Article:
“I don’t see anything being gained by holding housing prices higher than the market rate,” says Dean Baker, economist and co-director of the liberal Center for Economic & Policy Research in Washington. “It is difficult to see why the government would want to pursue policies that would encourage people to pay too much for homes.“
The article this quote comes from is Businessweek which is surprising, really. Reading this in one of those “MSM” publications that co-sponsor lies directly fed from the <ahem> Fed., Inc. (“you’re real governing body”) who substitute artfully penned opinion for fact, and slant figures to support their conclusions.
He is truly the “Deaner,” having identified and wrote often about the trouble with our bubble.
A few of us noticed.
I suggest reading the rest of the article as well, because if you like your dope straight, it is rare that you’ll find it in an officially sanctioned news source:
America’s housing market implosion was the epicenter of the Great Recession. It’s hardly surprising that the federal government directed enormous resources at the market. Besides bailing out vulnerable banks, the federal government nationalized mortgage behemoths Fannie Mae and Freddie Mac, opened the lending spigot at the Federal Housing Administration (FHA), passed a first-time home buyers’ tax credit, and established a mortgage modification program for troubled homeowners. The Federal Reserve embarked on a $1.25 trillion purchase of mortgage-backed securities in an effort to engineer lower mortgage rates.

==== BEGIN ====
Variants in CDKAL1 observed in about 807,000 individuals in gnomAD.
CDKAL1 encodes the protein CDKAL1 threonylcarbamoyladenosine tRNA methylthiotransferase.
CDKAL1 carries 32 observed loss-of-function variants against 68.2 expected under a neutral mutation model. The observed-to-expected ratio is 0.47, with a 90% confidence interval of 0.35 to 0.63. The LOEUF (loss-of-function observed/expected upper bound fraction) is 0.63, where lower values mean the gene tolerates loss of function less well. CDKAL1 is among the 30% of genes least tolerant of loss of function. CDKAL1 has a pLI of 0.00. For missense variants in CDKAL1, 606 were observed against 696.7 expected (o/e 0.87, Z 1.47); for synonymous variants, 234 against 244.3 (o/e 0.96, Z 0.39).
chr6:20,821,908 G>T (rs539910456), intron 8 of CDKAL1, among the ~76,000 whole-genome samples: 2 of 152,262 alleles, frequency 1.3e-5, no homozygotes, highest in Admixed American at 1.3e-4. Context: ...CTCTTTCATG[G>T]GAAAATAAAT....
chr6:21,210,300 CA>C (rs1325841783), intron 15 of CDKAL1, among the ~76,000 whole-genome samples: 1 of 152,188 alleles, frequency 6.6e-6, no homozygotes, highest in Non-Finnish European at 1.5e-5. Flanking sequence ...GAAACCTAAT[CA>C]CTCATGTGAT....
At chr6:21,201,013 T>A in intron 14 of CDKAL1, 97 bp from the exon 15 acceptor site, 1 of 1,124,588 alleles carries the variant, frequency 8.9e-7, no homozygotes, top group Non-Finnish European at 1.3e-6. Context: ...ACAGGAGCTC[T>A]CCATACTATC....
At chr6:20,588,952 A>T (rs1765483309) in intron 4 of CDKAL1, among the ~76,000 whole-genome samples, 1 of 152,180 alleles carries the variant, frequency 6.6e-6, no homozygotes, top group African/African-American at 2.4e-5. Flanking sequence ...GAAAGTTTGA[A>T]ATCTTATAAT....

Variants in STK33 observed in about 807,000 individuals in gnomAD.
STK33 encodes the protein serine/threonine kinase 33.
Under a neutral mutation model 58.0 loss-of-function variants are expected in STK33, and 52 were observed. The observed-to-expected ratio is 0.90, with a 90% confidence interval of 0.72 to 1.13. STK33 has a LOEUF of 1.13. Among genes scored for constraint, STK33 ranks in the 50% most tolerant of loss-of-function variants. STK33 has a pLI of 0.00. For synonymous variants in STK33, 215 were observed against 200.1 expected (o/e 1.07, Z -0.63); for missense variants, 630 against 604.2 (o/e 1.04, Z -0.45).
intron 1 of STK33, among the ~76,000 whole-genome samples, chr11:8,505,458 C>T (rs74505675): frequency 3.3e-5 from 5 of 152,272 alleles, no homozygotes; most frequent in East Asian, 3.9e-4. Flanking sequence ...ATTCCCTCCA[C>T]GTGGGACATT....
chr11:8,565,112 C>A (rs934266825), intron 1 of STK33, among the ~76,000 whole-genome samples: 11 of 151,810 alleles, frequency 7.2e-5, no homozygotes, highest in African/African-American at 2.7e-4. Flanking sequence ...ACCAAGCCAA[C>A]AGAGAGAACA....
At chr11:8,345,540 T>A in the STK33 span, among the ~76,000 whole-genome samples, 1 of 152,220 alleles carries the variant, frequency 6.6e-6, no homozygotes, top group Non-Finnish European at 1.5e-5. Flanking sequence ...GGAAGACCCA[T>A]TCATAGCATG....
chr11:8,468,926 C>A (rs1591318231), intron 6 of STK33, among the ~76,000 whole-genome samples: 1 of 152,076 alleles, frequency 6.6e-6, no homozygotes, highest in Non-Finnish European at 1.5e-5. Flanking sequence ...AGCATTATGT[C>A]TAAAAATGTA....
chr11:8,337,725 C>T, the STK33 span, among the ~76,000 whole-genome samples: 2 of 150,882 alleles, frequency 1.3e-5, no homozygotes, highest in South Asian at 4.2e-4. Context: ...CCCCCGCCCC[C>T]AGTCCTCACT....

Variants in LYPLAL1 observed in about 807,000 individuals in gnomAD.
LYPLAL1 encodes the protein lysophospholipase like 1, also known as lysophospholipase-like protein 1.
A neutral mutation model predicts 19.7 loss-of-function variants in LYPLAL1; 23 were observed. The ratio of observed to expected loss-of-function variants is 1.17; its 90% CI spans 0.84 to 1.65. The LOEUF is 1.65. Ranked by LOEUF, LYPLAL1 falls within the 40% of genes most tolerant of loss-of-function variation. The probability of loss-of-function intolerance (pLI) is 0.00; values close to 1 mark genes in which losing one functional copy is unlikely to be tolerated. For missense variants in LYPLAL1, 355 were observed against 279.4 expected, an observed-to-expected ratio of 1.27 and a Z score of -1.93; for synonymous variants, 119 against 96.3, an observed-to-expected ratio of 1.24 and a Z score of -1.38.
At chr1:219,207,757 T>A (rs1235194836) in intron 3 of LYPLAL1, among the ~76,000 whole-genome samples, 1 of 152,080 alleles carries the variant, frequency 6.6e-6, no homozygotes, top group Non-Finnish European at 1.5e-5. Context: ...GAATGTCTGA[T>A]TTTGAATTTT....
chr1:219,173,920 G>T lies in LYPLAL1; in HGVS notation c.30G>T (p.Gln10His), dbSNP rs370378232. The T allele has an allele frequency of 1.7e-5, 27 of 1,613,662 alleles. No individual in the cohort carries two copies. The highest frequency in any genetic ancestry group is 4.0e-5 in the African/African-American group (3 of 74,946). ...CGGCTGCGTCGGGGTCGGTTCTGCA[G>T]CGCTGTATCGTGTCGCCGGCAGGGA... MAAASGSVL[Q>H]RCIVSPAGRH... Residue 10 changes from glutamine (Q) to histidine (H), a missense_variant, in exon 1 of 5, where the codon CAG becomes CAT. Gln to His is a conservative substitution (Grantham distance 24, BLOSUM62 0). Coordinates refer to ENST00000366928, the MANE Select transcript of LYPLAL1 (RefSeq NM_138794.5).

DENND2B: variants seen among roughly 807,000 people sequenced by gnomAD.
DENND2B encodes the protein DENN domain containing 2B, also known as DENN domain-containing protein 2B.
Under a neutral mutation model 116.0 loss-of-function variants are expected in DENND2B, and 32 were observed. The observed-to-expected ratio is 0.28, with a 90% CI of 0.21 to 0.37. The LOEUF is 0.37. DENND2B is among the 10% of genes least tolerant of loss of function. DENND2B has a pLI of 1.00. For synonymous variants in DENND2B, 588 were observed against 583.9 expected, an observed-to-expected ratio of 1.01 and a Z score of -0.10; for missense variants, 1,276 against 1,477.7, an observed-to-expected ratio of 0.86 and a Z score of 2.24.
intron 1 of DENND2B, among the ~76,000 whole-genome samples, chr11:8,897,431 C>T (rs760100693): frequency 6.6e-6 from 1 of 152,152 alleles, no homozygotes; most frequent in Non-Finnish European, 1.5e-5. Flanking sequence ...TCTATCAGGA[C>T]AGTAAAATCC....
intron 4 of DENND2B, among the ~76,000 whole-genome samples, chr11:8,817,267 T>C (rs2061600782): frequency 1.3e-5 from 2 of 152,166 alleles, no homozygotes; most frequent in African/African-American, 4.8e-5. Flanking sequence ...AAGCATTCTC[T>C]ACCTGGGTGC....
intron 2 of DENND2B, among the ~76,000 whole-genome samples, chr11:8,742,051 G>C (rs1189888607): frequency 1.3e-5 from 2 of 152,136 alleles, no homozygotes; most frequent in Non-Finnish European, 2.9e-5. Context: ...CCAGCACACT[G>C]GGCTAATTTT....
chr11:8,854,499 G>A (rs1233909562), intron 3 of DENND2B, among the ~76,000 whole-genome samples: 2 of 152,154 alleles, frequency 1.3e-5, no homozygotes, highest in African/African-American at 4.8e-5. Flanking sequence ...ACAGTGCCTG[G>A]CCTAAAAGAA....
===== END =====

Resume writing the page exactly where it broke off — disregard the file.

The Herculean efforts may be understandable. But they were a mistake in the early months of the downturn—and now stand as a public policy blunder in the early months of a recovery. That’s a harsh judgment, but it’s way past the time for ending taxpayer support of the housing market.
These policies are geared toward propping up home prices, the definition of a perverse public policy. Artificially holding prices at above-market levels harms new potential buyers, from young adults starting their own households to immigrants putting down stakes in the American Dream. The subsidies wrongly delay the inevitable home market price adjustment to excess supply in many markets across the country.
[ Businessweek ]
So yeah, if you start out from a disadvantage in life in this great nation, not only do you have to work triply harder than someone who started life, say, on third base, but you have the added struggle of public policy stacking the deck against you.
Many people will work hard to overcome their backgrounds and find a way to live the American dream (not home ownership, btw, but justice and equality under the rule of law) in spite of this.
It’s just that fewer and fewer will realize that dream.
“All this talk about ‘free markets‘ and the virtues of ‘private market disciplines‘ go out the window should the actual discipline of markets impose losses on these institutions.” –Marshall Auerback